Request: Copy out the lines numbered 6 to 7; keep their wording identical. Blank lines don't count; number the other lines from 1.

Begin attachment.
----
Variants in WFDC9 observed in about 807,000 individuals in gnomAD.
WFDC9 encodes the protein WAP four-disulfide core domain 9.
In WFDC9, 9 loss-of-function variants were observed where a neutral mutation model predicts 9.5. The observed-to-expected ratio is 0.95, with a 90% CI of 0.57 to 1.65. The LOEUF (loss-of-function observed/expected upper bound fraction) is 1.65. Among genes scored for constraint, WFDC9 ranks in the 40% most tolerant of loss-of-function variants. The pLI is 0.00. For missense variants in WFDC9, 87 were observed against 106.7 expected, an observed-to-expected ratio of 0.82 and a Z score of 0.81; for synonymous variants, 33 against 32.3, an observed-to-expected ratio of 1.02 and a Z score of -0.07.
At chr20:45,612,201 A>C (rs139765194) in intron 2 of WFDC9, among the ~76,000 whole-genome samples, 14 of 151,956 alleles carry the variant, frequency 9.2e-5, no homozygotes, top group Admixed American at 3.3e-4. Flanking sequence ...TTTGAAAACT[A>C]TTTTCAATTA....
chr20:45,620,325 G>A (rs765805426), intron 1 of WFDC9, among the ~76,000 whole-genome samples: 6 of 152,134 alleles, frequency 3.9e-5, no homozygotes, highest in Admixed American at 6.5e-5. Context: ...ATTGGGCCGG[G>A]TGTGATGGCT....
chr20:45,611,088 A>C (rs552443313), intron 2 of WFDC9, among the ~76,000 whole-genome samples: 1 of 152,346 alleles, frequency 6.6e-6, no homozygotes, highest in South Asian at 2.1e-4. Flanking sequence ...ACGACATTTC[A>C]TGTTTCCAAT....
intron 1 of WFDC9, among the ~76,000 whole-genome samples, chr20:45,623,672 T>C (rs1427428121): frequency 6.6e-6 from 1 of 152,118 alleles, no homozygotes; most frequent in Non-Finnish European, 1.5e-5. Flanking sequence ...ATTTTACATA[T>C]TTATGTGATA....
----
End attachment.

chr20:45,611,088 A>C (rs552443313), intron 2 of WFDC9, among the ~76,000 whole-genome samples: 1 of 152,346 alleles, frequency 6.6e-6, no homozygotes, highest in South Asian at 2.1e-4. Flanking sequence ...ACGACATTTC[A>C]TGTTTCCAAT....
intron 1 of WFDC9, among the ~76,000 whole-genome samples, chr20:45,623,672 T>C (rs1427428121): frequency 6.6e-6 from 1 of 152,118 alleles, no homozygotes; most frequent in Non-Finnish European, 1.5e-5. Flanking sequence ...ATTTTACATA[T>C]TTATGTGATA....